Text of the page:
1. How much time is required to earn my science teaching credentials?
The certification program begins in early June and concludes eleven months later.
2. What credentials will I receive?
A secondary teaching certificate in Math, Biology, Chemistry, Physics, Earth Science and/or General Science. This allows you to teach science in any Connecticut middle or high school.
3. Where am I being certified to teach science?
Your teaching certificate is specific to Connecticut. Once you have a CT teaching certificate in hand, we can help you obtain reciprocity with other states.
4. What are the course requirements?
Courses correspond to Connecticut teacher certification requirements while also addressing UConn requirements for a Master’s degree. These range from fundamental lesson design courses all the way to conducting STEM education research.
5. How is the summer portion scheduled?
Summer is equivalent to two semesters: 12 weeks, classes Monday through Thursday, 8:30am to 3:30pm.
6. And fall semester is student teaching?
Yes. You are placed with a mentor STEM teacher and you follow his or her schedule — which starts with back to school meetings in the days before students arrive.
7. Is it possible to work during student teaching?
No, We don’t officially prevent people from working. But the intensity of student teaching has proven to be more demanding than most people expect.
8. And what about the spring semester?
Coursework and field experiences continue in spring but the schedule is such that you can do coursework, field experiences, and conduct your research study — and still find time to substitute teach.
9. What’s the job placement situation?
Science and math teachers are in high demand. All Avery Point graduates obtain teaching positions and most of those happen before the end of June.
10. How does this teacher preparation program compare to other certification routes?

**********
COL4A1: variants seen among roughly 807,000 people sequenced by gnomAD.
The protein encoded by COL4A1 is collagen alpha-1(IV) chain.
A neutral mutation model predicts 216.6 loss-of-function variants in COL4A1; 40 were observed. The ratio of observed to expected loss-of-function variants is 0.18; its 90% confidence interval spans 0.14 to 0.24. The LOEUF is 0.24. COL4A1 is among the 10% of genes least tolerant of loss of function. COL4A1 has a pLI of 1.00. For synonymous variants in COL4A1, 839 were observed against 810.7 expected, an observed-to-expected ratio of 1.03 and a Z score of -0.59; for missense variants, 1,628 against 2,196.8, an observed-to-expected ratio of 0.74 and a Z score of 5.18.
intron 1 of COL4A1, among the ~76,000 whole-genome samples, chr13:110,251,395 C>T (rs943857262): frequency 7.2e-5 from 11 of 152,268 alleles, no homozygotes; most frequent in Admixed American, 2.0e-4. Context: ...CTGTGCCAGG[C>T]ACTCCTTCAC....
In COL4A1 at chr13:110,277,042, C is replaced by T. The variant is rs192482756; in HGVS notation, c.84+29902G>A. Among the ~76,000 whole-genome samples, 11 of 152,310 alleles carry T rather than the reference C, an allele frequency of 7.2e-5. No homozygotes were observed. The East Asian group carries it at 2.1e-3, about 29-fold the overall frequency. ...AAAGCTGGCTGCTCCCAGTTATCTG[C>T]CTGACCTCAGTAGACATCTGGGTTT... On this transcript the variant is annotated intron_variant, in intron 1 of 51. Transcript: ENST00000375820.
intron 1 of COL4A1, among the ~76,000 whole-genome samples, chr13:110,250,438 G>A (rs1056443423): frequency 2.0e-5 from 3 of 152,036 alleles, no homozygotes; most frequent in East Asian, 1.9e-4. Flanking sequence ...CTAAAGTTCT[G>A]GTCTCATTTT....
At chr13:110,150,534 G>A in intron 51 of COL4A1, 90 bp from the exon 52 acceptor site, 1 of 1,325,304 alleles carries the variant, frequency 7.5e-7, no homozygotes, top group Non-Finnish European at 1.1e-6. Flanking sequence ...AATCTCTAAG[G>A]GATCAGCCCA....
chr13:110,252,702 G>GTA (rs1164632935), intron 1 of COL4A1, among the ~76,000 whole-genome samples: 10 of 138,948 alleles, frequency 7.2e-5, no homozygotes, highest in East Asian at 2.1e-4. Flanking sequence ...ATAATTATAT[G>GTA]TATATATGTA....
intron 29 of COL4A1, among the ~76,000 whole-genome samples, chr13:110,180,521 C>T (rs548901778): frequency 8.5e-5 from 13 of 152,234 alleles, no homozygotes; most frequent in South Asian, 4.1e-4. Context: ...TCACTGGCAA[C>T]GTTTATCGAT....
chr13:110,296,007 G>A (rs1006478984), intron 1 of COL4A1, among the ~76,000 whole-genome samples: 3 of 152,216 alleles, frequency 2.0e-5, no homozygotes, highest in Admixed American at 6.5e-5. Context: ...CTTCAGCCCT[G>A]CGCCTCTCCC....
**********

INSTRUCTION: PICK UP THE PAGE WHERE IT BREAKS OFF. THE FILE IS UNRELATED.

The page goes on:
There are many pathways available to become a science teacher. UConn’s Teacher Certification Program for College Graduates (TCPCG) is a well-respected model that combines in-depth coursework and carefully supervised field experiences.
11. How does the Avery Point program compare to other UConn campuses?
Three UConn campuses offere teacher certification for asipriing high school teachers. Avery Point, Waterbury and West Hartford. In contrast to the other campuses, Avery Point is exclusively focused on science and math.
12. What experiences are you looking for in strong candidates?
The best candidates provide evidence of firsthand STEM experiences above and beyond college courses: conducting research, working in a STEM career, completing advanced studies in a STEM major, etc. In addition, stronger candidates have immersed themselves in high school science classrooms (e.g. as a paraprofessional, as a long term substitute, etc.) especially in settings where a substantial proportion of the students are underrepresented in STEM fields.
13. Am I ineligible if I have not spent much time in science classrooms?
There is no shortcut to the benefits of working directly with adolescents while they are learning science or mathematics. Applicants are ranked based on their classroom experiences but we always recommend more between the time application decisions are made and when coursework begins (i.e., between January and June). In other words, eligibility is greatly enhanced by time spent in classrooms.
14. What does the application process entail?
In addition to paperwork (e.g. college transcripts, personal statement and other documents) all applicants participate in interviews. Admissions decisions are made in January for the following summer.
15. What are the chances I can find a suitable job after graduating?
Avery Point has a stellar track record. For the first two cohorts, every person seeking a teaching position landed a fulltime job before the end of June.